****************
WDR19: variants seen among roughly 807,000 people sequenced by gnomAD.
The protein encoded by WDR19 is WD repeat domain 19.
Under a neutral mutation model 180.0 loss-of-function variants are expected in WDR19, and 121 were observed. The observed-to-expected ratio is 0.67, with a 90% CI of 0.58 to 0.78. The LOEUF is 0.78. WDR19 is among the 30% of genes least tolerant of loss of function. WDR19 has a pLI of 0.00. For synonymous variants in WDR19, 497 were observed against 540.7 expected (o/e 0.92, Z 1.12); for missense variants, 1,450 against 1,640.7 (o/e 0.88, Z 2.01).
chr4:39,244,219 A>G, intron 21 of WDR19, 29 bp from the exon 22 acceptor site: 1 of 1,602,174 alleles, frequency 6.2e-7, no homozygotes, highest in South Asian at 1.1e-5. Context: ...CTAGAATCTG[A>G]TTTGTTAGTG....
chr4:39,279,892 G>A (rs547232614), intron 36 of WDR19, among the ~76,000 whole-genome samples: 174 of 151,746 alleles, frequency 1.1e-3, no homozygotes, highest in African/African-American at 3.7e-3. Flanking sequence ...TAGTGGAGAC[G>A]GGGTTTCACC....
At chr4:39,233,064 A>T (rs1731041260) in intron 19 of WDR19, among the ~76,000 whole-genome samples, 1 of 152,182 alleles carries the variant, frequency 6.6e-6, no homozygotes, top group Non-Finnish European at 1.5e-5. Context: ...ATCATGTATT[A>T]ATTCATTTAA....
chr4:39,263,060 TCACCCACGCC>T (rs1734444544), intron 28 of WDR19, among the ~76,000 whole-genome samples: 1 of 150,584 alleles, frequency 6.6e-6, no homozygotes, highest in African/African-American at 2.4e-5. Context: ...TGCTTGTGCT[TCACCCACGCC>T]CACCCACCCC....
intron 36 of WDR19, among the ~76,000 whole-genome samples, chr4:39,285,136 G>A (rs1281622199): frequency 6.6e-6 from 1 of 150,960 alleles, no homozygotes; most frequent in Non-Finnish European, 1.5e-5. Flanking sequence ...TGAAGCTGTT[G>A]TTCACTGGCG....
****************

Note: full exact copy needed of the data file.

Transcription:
WDR19: variants seen among roughly 807,000 people sequenced by gnomAD.
The protein encoded by WDR19 is WD repeat domain 19.
Under a neutral mutation model 180.0 loss-of-function variants are expected in WDR19, and 121 were observed. The observed-to-expected ratio is 0.67, with a 90% CI of 0.58 to 0.78. The LOEUF is 0.78. WDR19 is among the 30% of genes least tolerant of loss of function. WDR19 has a pLI of 0.00. For synonymous variants in WDR19, 497 were observed against 540.7 expected (o/e 0.92, Z 1.12); for missense variants, 1,450 against 1,640.7 (o/e 0.88, Z 2.01).
chr4:39,244,219 A>G, intron 21 of WDR19, 29 bp from the exon 22 acceptor site: 1 of 1,602,174 alleles, frequency 6.2e-7, no homozygotes, highest in South Asian at 1.1e-5. Context: ...CTAGAATCTG[A>G]TTTGTTAGTG....
chr4:39,279,892 G>A (rs547232614), intron 36 of WDR19, among the ~76,000 whole-genome samples: 174 of 151,746 alleles, frequency 1.1e-3, no homozygotes, highest in African/African-American at 3.7e-3. Flanking sequence ...TAGTGGAGAC[G>A]GGGTTTCACC....
At chr4:39,233,064 A>T (rs1731041260) in intron 19 of WDR19, among the ~76,000 whole-genome samples, 1 of 152,182 alleles carries the variant, frequency 6.6e-6, no homozygotes, top group Non-Finnish European at 1.5e-5. Context: ...ATCATGTATT[A>T]ATTCATTTAA....
chr4:39,263,060 TCACCCACGCC>T (rs1734444544), intron 28 of WDR19, among the ~76,000 whole-genome samples: 1 of 150,584 alleles, frequency 6.6e-6, no homozygotes, highest in African/African-American at 2.4e-5. Context: ...TGCTTGTGCT[TCACCCACGCC>T]CACCCACCCC....
intron 36 of WDR19, among the ~76,000 whole-genome samples, chr4:39,285,136 G>A (rs1281622199): frequency 6.6e-6 from 1 of 150,960 alleles, no homozygotes; most frequent in Non-Finnish European, 1.5e-5. Flanking sequence ...TGAAGCTGTT[G>A]TTCACTGGCG....